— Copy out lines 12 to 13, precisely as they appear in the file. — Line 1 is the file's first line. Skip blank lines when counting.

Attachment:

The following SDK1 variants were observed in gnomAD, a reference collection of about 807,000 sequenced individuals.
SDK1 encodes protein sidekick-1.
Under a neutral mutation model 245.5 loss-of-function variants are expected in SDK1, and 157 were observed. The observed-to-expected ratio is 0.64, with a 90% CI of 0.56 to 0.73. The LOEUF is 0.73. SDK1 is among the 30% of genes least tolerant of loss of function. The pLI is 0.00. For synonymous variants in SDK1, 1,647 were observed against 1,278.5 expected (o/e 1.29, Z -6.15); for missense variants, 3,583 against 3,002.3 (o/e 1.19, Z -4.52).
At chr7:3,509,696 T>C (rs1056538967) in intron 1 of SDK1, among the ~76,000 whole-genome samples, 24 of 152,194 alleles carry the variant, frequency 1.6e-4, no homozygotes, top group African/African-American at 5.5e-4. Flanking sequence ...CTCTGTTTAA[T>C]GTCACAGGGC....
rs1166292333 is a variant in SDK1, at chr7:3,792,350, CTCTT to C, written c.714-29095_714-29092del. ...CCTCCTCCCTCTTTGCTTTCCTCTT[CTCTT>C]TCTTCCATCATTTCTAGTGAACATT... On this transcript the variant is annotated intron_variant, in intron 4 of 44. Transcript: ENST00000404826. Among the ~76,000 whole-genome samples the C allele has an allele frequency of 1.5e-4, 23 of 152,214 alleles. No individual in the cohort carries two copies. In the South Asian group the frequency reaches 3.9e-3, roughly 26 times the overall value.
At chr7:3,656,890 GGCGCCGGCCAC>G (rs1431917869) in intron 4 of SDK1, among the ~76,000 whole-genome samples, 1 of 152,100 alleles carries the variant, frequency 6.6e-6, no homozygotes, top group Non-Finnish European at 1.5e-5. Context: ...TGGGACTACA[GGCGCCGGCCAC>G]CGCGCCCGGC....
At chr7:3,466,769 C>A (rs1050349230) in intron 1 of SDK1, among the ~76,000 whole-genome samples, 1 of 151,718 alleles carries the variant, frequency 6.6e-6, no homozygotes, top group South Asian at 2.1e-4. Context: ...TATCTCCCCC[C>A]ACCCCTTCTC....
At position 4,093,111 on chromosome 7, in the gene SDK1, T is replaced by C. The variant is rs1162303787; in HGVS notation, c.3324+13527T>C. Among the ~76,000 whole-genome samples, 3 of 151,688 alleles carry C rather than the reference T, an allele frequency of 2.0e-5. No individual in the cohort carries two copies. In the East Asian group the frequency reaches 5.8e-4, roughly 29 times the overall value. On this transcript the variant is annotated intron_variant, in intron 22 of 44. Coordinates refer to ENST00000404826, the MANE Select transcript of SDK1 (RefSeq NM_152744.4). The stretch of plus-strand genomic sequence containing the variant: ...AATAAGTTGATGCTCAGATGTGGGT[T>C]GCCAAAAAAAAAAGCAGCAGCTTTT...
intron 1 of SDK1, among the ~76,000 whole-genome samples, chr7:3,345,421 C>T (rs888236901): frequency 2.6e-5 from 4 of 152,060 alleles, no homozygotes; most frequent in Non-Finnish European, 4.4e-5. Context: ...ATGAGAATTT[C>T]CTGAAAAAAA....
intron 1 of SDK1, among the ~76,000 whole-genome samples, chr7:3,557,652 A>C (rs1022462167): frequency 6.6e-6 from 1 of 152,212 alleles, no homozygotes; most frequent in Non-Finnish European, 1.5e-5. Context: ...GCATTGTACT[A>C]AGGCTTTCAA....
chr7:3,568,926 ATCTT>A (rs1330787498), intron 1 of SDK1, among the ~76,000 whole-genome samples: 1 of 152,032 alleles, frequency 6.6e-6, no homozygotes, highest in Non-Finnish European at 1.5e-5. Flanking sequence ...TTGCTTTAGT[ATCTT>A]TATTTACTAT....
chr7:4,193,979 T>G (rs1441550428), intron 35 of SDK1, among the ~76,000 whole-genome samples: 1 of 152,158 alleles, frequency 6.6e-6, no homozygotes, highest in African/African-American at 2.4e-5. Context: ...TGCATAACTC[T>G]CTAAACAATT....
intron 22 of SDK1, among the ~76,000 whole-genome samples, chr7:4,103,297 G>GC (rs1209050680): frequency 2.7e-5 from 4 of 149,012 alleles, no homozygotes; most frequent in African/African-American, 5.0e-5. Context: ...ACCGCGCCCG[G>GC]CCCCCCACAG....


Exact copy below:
chr7:4,193,979 T>G (rs1441550428), intron 35 of SDK1, among the ~76,000 whole-genome samples: 1 of 152,158 alleles, frequency 6.6e-6, no homozygotes, highest in African/African-American at 2.4e-5. Context: ...TGCATAACTC[T>G]CTAAACAATT....
intron 22 of SDK1, among the ~76,000 whole-genome samples, chr7:4,103,297 G>GC (rs1209050680): frequency 2.7e-5 from 4 of 149,012 alleles, no homozygotes; most frequent in African/African-American, 5.0e-5. Context: ...ACCGCGCCCG[G>GC]CCCCCCACAG....